When in Genesis the months were exactly 30 days long (to the second!), it meant that it was exactly 30 days from one lunar conjunction to the next lunar conjunction. It did not mean that it was exactly 30 days from one sunset to that sunset 30 days later, because sunset is constantly moving to an earlier or later time; and therefore the time between 2 sunsets 30 days apart was either more or less than (30 x 24 hours) 720 hours. But it was never exactly 720 hours. But the time between two consecutive lunar conjunctions was exactly 720 hours.

Do you follow?

12) So the original calendar in Genesis hinged on PRECISE LUNAR CONJUNCTIONS, rather than on shifting sunsets. (Since God altered the lunar conjunctions, they have obviously also lost that perfect and consistent timing that God had originally established. Today they also differ from one month to the next. But sunsets shift to earlier or later dates even in a perfect calendar system, in order to give us the seasons. But in the perfect system all lunar cycles are always of the exact same length.)

13) For our circumstances today, with our understanding of astronomy, etc., a calendar based on the visual observations (or even the calculated theoretical visual observations) of the new moons in Jerusalem is NOT a good system. Similarly, a calendar based on the visual observations of the new moons in our local areas is also NOT a good system.

14) Trying to establish a calendar based on visual observations of the first new moon crescents, because that happens to be the system that was employed at one specific point in the history of God's people, misses the point! The point is: that was the system they used because THAT WAS THE BEST THEY COULD DO UNDER THEIR CIRCUMSTANCES!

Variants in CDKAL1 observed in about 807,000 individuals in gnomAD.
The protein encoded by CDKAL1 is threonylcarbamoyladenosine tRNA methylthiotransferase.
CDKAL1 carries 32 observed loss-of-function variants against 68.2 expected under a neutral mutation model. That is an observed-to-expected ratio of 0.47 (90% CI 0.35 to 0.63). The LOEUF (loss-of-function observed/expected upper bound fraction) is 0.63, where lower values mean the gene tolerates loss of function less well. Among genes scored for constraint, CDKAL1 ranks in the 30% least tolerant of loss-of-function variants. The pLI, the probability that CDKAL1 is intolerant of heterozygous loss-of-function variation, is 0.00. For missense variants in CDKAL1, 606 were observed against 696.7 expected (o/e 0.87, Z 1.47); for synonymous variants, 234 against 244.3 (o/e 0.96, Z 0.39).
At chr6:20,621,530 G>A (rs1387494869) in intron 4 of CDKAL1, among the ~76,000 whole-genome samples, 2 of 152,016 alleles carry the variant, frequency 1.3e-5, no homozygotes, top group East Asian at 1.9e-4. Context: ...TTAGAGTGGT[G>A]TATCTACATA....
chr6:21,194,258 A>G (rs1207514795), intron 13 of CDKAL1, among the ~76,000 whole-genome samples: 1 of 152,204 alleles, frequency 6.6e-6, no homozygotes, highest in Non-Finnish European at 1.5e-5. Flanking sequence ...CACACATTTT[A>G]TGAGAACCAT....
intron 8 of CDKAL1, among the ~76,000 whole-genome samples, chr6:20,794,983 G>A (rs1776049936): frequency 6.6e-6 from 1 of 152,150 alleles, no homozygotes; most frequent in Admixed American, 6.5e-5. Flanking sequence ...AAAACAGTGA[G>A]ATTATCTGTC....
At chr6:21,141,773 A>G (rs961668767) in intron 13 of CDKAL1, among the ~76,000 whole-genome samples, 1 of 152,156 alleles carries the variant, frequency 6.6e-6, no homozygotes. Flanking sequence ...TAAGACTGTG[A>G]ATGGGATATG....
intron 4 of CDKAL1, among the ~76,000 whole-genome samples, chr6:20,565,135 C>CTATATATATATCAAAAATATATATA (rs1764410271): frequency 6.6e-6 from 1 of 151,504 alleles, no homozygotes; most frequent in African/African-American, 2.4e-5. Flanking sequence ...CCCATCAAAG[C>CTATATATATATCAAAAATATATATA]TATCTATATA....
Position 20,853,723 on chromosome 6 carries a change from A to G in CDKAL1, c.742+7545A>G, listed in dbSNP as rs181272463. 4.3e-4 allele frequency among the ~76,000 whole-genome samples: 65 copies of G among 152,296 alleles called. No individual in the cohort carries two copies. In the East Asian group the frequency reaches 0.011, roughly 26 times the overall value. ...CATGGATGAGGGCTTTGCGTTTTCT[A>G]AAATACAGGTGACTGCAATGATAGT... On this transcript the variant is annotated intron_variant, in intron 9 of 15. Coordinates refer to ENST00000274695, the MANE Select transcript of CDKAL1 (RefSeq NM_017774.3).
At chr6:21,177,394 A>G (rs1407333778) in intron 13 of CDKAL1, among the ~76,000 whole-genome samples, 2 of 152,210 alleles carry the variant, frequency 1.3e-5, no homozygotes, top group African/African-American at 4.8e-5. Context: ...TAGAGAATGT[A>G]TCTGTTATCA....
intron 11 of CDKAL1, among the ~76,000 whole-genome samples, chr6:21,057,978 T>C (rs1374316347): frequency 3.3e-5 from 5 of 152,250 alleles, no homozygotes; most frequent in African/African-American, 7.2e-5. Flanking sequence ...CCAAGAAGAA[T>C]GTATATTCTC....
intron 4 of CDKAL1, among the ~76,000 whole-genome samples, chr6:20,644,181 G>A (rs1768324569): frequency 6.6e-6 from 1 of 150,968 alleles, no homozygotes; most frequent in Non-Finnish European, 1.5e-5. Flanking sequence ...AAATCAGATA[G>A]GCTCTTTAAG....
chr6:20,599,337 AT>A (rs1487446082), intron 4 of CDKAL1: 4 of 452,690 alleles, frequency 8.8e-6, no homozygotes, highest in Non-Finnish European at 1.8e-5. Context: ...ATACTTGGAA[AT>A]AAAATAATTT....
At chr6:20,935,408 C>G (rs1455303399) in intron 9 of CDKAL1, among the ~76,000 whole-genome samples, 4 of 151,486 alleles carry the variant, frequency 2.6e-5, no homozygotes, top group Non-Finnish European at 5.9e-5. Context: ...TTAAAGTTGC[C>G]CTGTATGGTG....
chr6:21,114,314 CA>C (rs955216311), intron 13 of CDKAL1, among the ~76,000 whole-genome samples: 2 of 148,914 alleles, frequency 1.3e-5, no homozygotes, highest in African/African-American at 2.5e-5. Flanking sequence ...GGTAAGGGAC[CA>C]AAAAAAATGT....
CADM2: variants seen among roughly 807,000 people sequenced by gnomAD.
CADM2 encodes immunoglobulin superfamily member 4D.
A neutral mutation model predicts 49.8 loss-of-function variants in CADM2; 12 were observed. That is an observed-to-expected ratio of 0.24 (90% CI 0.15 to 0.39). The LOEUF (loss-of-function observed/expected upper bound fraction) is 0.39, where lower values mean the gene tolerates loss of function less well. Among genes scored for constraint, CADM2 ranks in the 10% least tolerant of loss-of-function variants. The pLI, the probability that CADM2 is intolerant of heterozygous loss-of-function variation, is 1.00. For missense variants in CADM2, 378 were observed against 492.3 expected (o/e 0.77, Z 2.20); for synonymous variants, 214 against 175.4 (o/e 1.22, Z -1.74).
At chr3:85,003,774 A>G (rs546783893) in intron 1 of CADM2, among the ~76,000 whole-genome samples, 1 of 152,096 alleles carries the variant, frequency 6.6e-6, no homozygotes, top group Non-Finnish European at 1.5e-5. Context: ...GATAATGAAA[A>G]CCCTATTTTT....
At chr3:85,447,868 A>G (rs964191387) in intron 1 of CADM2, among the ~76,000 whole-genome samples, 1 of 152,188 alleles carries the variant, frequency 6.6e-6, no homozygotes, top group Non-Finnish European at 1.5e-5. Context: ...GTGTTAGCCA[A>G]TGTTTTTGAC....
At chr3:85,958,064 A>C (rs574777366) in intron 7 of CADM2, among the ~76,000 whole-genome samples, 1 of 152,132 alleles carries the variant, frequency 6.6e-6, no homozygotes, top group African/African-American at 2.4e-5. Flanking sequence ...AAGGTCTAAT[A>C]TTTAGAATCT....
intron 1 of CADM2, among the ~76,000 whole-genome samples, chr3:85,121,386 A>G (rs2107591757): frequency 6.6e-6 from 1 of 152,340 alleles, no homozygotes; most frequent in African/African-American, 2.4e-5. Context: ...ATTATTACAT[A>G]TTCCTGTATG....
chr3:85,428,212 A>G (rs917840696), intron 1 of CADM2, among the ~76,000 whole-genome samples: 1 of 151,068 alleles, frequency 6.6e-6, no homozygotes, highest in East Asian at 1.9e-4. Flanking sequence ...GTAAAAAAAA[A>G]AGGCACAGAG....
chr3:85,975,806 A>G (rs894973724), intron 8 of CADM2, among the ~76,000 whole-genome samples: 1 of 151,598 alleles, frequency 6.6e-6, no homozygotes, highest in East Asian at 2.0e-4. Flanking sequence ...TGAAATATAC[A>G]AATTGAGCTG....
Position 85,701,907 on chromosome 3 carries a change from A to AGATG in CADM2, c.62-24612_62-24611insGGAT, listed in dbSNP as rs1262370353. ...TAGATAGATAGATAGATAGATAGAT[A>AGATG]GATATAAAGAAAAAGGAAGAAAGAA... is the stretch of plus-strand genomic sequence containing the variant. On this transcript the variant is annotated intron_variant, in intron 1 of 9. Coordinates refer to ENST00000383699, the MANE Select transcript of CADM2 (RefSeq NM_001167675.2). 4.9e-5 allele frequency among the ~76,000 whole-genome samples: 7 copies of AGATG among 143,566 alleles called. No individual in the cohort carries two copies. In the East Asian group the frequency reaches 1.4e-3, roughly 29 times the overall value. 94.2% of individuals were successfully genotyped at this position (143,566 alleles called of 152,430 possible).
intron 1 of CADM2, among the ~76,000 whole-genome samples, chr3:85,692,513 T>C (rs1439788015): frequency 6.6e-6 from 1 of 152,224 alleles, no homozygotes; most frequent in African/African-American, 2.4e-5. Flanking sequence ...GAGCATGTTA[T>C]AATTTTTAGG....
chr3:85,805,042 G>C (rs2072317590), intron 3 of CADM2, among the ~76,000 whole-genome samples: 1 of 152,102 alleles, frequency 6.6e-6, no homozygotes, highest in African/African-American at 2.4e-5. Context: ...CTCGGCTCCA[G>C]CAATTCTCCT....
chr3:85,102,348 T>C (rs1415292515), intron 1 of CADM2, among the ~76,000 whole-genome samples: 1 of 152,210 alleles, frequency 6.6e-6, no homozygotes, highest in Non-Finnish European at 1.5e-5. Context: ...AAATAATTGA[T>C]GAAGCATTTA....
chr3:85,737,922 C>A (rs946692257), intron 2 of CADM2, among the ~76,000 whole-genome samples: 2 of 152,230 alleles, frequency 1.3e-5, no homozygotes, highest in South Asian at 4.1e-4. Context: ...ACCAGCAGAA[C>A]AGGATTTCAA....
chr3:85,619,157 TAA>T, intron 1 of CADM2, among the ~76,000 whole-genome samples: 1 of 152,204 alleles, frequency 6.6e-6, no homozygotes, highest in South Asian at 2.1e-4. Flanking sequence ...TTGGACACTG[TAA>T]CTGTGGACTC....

It would be like saying: because God allowed slavery and polygamy in Old Testament times, therefore it is also okay for us today to engage in slavery and in polygamy. But what was acceptable, because of their circumstances (i.e. slavery and polygamy), isn't necessarily something that God encourages.

Likewise, simply because Israel in a very limited geographic area employed a calendar that was based on visual observations, after God had altered the cycles as a penalty for sins, that does not mean that visual observations are "God's choice" for the determination of the calendar that is to be employed around the world.

15) And while the length of a day has always been determined by sunsets, we should understand that the original perfect annual calendar was based on precise lunar conjunctions, rather than on sunsets or on observed new moons. And once we have acquired the ability to predict lunar conjunctions very precisely, we have acquired a tool that is far more precise than using visually observed new moon crescents.

16) When God established the perfect monthly and yearly cycles, God did so based on perfectly timed lunar conjunctions, not on perfectly timed visually observed new moons. It follows that once we have acquired the ability to establish a calendar based on very accurately predicted lunar conjunctions, THEN we have acquired the ability to employ the same methods that God Himself used in the original calendar in Genesis. Yes, when we establish a calendar based on the time of lunar conjunctions, we today apply that to imperfect lunar cycles, whereas God applied this method to perfect lunar cycles. But at least we are applying the same method that God used.